Strategic West Coast acquisition provides another perfect fit for the fast-growing flexible packaging products powerhouse
December 4, 2017
by George Guidoni, Editor
Caption: Equipped with state-of-the-art film production and converting equipment, the vertically-integrated Flexstar operation in Richmond, B.C. runs a busy 24/7 production schedule throughout most of the year to produce high-quality flexible packaging products for a diverse range of customers across western North America serving the cereal,–nutrition bars, confectionery, frozen foods and coffee markets.
Building a trail-blazing industry leader from scratch in a fiercely competitive market can be a daunting endeavor.
But for the Montreal-headquartered TC Transcontinental, the publicly-traded company’s robust growth in the North American flexible packaging industry in the last three years bears all hallmarks of a sound business plan carried out to textbook perfection.
Since its formation in the spring of 2014, the TC Transcontinental Packaging division has orchestrated a string of well-executed strategic acquisitions that have boosted its status and market reach in leaps and bounds—today ranking as one of the 25 largest North American producers of flexible packaging products.
Starting with the 2014 acquisition of Clinton, Mo.- based Capri Packaging and following up with the 2015 buyout of Brooklyn, N.Y.-based Ultra Flex and Lenexa, Ks.-based Robbie Manufacturing in the summer of 2016, TC Transcontinental’s strategic move into the world of flexible packaging has proven to be a resoundingly astute example of business diversification leveraging the company’s traditional strengths in the printing and publishing industries.
And while its latest acquisition may not have been its largest, the October 2016 purchase of the Richmond, B.C.-based Flexstar Packaging Inc. has a comforting patriotic vibe to it well befitting one of Canada’s most illustrious and successful business enterprises generating about $2 billion in annual revenues.
As company president and chief executive officer Francois Olivier stated at the time, “I am proud of this latest acquisition in our strategy to grow our flexible packaging network as it is our first in Canada.
“Flexstar enables us to extend our footprint to the West Coast,” Olivier explained, providing us a coast-to-coast platform to better optimize our production.
“In addition, it brings us new manufacturing capabilities with film extrusion, a complementary sales force, and the ability to generate additional synergies.”
For Flexstar Packaging president and co-founder Marc Bray, who has headed the company since its inception in 2005, the opportunity to take the company to the proverbial next level of growth as part of the fast-growing TC Transcontinental Packaging group of companies is a resounding validation of Flexstar’s own stellar record of organic growth that helped it generate $36 million in the fiscal 2016.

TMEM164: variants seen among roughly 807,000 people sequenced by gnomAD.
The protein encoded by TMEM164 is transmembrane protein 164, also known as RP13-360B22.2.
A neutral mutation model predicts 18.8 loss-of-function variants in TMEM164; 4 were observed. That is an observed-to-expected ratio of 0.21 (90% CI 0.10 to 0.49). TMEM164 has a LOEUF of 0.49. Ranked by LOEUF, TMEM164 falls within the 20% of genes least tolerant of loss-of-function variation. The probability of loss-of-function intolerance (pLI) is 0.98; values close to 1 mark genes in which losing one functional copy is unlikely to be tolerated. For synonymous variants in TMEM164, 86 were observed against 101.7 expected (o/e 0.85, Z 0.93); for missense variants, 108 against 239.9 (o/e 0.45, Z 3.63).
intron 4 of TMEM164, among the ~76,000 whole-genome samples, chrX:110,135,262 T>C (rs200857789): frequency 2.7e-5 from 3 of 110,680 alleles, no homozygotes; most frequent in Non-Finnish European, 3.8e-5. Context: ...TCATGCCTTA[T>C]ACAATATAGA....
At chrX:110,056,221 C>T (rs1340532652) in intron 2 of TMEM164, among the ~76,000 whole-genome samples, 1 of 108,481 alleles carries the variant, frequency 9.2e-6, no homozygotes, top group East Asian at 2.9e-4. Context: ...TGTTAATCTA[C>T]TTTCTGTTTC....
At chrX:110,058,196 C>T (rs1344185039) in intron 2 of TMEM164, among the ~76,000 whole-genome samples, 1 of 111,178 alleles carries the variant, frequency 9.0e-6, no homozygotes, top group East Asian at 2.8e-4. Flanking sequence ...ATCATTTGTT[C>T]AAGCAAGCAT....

“The sale to TC Transcontinental was a very good strategic move for our company,” says Bray, “and we believe it was mutually beneficial.
“TC Transcontinental brings the overall experience and organization of a large manufacturing company in addition to significant financial resources to continue to grow our position in North America,” Bray told the Canadian Packaging magazine in a recent interview.
“For its part, Flexstar Packaging provides TC Transcontinental Packaging with an expanded North American footprint to the West Coast, an experienced, highly skilled workforce, and some unique capabilities such as radial laser scoring and new blown film specifications.”
Employing 135 people, the company’s vertically-integrated Richmond operations comprise a state-of-the-art 61,000-square-foot film extrusion facility and a next-door 30,000-square-foot converting facility housing all the slitting, bagmaking and radial laser scoring equipment.
Throughout most of the year, both facilities operate on a busy 24/7 production to produce high-quality flexible packaging—both rollstock and pre-made bags—for customers in the cereal, granola bars, confectionery, frozen foods and coffee markets, Bray relates.
“Over 90 per cent of our products are used in direct food-contact applications,” he notes, “and while we ship our products across North America, our primary focus is on western North America.
As Bray explains, Flexstar Packaging has continually invested in the most technologically advanced production and converting equipment right from the outset, combined with ongoing skill training for its machine operators and all other employees to maximize its technology investment.
“We find that our location provides a very good environment to find a skilled and educated workforce to support our growth in technology and machinery,” says Bray, “and we have been successful in adjusting our schedule for peak demands by cross-training our workforce to increase our production flexibility.”